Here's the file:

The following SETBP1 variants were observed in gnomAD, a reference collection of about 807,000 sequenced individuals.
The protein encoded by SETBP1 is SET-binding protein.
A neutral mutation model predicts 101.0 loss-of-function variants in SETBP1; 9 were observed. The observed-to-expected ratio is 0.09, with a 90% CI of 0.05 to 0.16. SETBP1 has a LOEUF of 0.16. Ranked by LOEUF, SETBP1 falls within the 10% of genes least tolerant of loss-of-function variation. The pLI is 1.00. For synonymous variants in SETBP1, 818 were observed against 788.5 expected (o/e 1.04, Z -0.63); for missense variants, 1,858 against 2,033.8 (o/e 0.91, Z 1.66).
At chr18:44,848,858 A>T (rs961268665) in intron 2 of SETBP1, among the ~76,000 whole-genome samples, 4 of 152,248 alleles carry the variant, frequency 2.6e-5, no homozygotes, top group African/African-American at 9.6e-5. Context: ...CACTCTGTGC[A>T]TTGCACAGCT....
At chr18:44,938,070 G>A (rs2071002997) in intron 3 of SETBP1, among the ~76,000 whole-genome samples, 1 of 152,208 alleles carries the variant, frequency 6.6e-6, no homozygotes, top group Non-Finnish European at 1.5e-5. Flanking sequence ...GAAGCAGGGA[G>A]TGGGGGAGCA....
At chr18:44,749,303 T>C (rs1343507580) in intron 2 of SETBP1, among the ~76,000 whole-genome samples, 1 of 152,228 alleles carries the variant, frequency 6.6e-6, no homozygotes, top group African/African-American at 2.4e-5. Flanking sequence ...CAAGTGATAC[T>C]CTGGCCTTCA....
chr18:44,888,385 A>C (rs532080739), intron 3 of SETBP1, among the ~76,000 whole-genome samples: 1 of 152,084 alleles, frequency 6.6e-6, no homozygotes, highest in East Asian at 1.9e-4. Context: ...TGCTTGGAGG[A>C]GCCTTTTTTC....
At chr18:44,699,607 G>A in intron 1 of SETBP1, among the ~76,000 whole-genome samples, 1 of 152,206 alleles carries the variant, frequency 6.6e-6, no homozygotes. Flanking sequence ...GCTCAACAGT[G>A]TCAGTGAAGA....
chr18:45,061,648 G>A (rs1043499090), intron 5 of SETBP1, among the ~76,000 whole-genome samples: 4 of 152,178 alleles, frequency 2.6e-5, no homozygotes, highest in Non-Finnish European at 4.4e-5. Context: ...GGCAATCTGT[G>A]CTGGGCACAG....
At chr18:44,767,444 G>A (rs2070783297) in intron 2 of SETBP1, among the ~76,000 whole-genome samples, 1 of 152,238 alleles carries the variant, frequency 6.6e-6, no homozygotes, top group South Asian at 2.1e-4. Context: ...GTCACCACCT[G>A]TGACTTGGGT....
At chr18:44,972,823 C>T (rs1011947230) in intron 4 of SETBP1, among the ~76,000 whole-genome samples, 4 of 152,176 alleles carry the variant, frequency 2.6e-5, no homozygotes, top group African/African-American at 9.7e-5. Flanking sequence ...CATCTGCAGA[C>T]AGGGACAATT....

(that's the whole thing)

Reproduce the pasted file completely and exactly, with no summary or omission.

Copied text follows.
The following SETBP1 variants were observed in gnomAD, a reference collection of about 807,000 sequenced individuals.
The protein encoded by SETBP1 is SET-binding protein.
A neutral mutation model predicts 101.0 loss-of-function variants in SETBP1; 9 were observed. The observed-to-expected ratio is 0.09, with a 90% CI of 0.05 to 0.16. SETBP1 has a LOEUF of 0.16. Ranked by LOEUF, SETBP1 falls within the 10% of genes least tolerant of loss-of-function variation. The pLI is 1.00. For synonymous variants in SETBP1, 818 were observed against 788.5 expected (o/e 1.04, Z -0.63); for missense variants, 1,858 against 2,033.8 (o/e 0.91, Z 1.66).
At chr18:44,848,858 A>T (rs961268665) in intron 2 of SETBP1, among the ~76,000 whole-genome samples, 4 of 152,248 alleles carry the variant, frequency 2.6e-5, no homozygotes, top group African/African-American at 9.6e-5. Context: ...CACTCTGTGC[A>T]TTGCACAGCT....
At chr18:44,938,070 G>A (rs2071002997) in intron 3 of SETBP1, among the ~76,000 whole-genome samples, 1 of 152,208 alleles carries the variant, frequency 6.6e-6, no homozygotes, top group Non-Finnish European at 1.5e-5. Flanking sequence ...GAAGCAGGGA[G>A]TGGGGGAGCA....
At chr18:44,749,303 T>C (rs1343507580) in intron 2 of SETBP1, among the ~76,000 whole-genome samples, 1 of 152,228 alleles carries the variant, frequency 6.6e-6, no homozygotes, top group African/African-American at 2.4e-5. Flanking sequence ...CAAGTGATAC[T>C]CTGGCCTTCA....
chr18:44,888,385 A>C (rs532080739), intron 3 of SETBP1, among the ~76,000 whole-genome samples: 1 of 152,084 alleles, frequency 6.6e-6, no homozygotes, highest in East Asian at 1.9e-4. Context: ...TGCTTGGAGG[A>C]GCCTTTTTTC....
At chr18:44,699,607 G>A in intron 1 of SETBP1, among the ~76,000 whole-genome samples, 1 of 152,206 alleles carries the variant, frequency 6.6e-6, no homozygotes. Flanking sequence ...GCTCAACAGT[G>A]TCAGTGAAGA....
chr18:45,061,648 G>A (rs1043499090), intron 5 of SETBP1, among the ~76,000 whole-genome samples: 4 of 152,178 alleles, frequency 2.6e-5, no homozygotes, highest in Non-Finnish European at 4.4e-5. Context: ...GGCAATCTGT[G>A]CTGGGCACAG....
At chr18:44,767,444 G>A (rs2070783297) in intron 2 of SETBP1, among the ~76,000 whole-genome samples, 1 of 152,238 alleles carries the variant, frequency 6.6e-6, no homozygotes, top group South Asian at 2.1e-4. Context: ...GTCACCACCT[G>A]TGACTTGGGT....
At chr18:44,972,823 C>T (rs1011947230) in intron 4 of SETBP1, among the ~76,000 whole-genome samples, 4 of 152,176 alleles carry the variant, frequency 2.6e-5, no homozygotes, top group African/African-American at 9.7e-5. Flanking sequence ...CATCTGCAGA[C>T]AGGGACAATT....